Large-Format Wine Bottles Legal in Florida

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Opening a 6-liter Methusaleh bottle of Veuve Clicquout Brut Champagne at your next family or friends gathering in Florida would certainly make a statement! It’s not just about the luxury of the champagne, but also the symbolism of breaking free from restrictive laws and embracing a spirit of celebration and freedom. Since the House and Senate approved Rep. Chip LaMarca’s bill to raise the limit in the maximum size and volume of wine bottles that are sold to costumers, this may become reality on July 1, 2024, provided Governor DeSantis signs the bill into law.

Currently in the State of Florida, it is forbidden to purchase any wine that is packaged in a larger bottle than one gallon. A gallon is equivalent to 3.8 liters. Not paying attention to this rule, except for reusable wine kegs or for manufacturer-to-distributor shipping, is a second-degree misdemeanor punishable by up to 60 days in jail and a $500 fine and, in some cases, even a third-degree felony carrying up to five-year prison sentence.

LaMarca points out that the State of Florida is all about freedom. Therefore, it is redundant to keep laws like the limitation of the size of wine bottles. “It serves no good policy basis to criminalize the sale of wine based on container size,” claimed LaMarca. When the bill comes into effect, restaurants and retailers will be allowed to sell wine in glass containers of all sizes, including 4.5, 6, 9, 12 and 15 liters.

What are the advantages of big bottles?

Aside from the sheer visual spectacle of such a large bottle, there are practical advantages to opting for larger bottles. The bigger the bottle, the less oxygen is between the cork and the wine (if you see it proportionate). Due to that, wine matures slower as in a normal 0.75 liter bottle. Additionally, the thicker bottles effect that temperature and light effect the quality of the wine less than it would be in a Piccolo-sized bottle.

Names of the wine bottles

Each bottle size carries its own unique name, often rooted in biblical or historical reference, adding an element of depth and cultural significance to the experience.

  • Piccolo or Split. This size contains 187.5ml, which is a 0.25 bottle. It is especially used for one serving of sparkling wine or champagne.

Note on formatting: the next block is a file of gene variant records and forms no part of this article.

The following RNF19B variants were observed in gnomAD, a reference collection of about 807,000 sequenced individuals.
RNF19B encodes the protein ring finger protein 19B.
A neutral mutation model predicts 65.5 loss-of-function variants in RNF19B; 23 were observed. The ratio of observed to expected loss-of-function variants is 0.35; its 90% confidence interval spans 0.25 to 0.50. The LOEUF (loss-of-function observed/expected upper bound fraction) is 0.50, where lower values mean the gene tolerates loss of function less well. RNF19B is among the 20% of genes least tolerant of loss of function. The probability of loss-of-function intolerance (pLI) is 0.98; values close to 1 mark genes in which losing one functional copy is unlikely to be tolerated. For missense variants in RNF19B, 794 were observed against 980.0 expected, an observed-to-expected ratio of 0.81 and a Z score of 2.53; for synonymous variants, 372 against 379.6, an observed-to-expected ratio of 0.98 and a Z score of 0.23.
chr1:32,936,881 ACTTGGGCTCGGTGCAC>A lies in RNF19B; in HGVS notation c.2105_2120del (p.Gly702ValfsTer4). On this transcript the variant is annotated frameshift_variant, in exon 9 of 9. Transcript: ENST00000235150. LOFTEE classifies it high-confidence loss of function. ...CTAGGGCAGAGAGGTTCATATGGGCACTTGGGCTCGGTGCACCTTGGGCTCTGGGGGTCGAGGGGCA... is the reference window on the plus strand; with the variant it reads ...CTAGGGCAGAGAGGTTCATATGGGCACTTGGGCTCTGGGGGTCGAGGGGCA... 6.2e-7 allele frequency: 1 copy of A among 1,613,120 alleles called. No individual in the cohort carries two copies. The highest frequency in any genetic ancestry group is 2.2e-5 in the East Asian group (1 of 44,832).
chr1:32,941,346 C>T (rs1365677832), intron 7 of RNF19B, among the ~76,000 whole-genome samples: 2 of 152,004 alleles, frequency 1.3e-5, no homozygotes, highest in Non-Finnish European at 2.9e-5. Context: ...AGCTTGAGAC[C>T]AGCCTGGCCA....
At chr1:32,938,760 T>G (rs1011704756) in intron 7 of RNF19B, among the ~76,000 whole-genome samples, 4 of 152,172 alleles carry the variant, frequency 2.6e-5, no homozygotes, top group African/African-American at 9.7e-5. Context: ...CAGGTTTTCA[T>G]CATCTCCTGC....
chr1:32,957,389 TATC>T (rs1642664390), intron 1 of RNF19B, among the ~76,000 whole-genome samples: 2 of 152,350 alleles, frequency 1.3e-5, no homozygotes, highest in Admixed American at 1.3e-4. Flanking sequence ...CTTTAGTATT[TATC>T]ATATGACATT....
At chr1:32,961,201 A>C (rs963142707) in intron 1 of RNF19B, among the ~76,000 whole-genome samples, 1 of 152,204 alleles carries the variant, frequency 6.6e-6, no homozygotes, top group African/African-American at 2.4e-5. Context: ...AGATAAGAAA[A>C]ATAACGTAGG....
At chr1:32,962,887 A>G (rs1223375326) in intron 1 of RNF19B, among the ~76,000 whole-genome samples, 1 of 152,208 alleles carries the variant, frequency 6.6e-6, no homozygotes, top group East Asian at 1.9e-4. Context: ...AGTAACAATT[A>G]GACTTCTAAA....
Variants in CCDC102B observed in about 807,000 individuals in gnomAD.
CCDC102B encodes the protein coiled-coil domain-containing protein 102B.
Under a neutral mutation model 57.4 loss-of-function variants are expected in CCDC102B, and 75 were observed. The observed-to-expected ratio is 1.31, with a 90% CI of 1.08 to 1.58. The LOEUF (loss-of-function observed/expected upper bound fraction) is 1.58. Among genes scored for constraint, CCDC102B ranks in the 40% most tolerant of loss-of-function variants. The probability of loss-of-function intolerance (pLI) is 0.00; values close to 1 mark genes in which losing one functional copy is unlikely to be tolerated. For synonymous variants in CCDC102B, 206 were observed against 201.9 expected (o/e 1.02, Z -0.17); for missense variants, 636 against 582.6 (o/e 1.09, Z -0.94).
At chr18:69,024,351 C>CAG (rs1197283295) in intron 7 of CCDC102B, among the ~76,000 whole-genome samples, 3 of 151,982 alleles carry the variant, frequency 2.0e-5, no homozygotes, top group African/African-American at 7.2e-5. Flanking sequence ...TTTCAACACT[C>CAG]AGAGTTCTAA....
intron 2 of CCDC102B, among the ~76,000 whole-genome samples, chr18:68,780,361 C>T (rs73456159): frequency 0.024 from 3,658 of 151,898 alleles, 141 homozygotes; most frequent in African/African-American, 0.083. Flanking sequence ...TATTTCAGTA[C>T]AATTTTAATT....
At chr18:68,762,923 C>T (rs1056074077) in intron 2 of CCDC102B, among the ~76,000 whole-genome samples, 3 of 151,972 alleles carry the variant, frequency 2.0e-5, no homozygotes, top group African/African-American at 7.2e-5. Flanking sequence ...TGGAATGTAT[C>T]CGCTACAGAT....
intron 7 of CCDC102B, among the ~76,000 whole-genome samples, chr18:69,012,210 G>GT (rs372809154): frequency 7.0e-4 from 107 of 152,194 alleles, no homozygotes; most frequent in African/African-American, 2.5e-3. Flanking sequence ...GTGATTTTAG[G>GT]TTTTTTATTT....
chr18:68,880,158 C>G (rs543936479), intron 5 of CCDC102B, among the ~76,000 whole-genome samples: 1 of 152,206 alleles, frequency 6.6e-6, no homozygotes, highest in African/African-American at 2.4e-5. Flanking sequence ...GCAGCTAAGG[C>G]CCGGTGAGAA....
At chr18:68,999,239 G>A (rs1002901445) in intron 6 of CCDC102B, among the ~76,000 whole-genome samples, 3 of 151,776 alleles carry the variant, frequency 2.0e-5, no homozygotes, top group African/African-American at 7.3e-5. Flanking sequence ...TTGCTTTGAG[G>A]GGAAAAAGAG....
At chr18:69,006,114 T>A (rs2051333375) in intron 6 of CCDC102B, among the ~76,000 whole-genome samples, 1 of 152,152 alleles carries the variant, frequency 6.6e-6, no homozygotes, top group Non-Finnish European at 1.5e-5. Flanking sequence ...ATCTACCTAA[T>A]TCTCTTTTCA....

• Demi or Half. A demi includes half a bottle and is therefore particularly popular to share.
  • Standard. A standard sized bottle comprises 0.75 liter. Historically, the British have been the biggest customers of French wine (especially Bordeaux-wine), which made them define the sizes of the bottles. Their measurement, the imperial gallon, equates to 4.54609 liters. To make that conversion easier, 225-liter barrique barrels, the equivalent of 50 gallons, were used. One barrique barrel contains 300 0.75 liter bottles.
  • Magnum. A magnum bottle includes double the volume as a standard bottle. It slows down the aging process of the wine and is therefore optimal for the storage of quality wines over a longer period. Its name has its origin in the Latin word “magnus” which means “big”.
  • Double Magnum or Jeroboam. This size corresponds to the capacity of 4 standard wine bottles. The name “Jeroboam” is related to Jeroboam I and Jeroboam II, two kings of Israel around 1,000 B.C.E.
  • Rehoboam. The Rehoboam contains 4.5 liters or 6 standard bottles. It gets its name from Rehoboam, the King of Judah and the son of King Salomon.
  • Imperial or Methuselah. The 6-liter Methuselah equals 8 standard sized bottles. According to the Old Testament, Methuselah lived for 969 years. There is no indication that he did so by drinking large amounts of wine.
  • Salmanazar. The name Salmanazar refers to five Assyrian kings each named Salmanassar. It contains 9 liters, which is 12 standard sized bottles.
  • Balthazar. A Balthazar has a volume capacity of 12 liters, which equals 16 standard sized bottles. Balthazar is one of the three holy kings said to visit Jesus at his birth.
  • Nebuchadnezzar. The Nebuchadnezzar contains 15 liters of wine or 20 standard sized bottles. Nebuchadnezzar is the name of four kings of ancient Babylon.
  • Melchior. The capacity of a Melchior is equivalent to 18 liters or 24 standard sized bottles. The term Melchior is derived from the holy king of the same name. Sadly, the Melchior is still not permitted under the changed Florida law.

Overall, opening a large-format bottle of champagne like this can elevate any gathering, making it a memorable and luxurious experience for all involved. It’s a testament to both the appreciation of fine wine and the spirit of freedom and indulgence that Florida’s changing laws represent.

Do you have any questions about which alcoholic beverage container sizes are legal in Florida? Contact us to schedule a consultation with a beverage attorney.

Because we’re attorneys: Disclaimer. Originally posted 03/10/2024.

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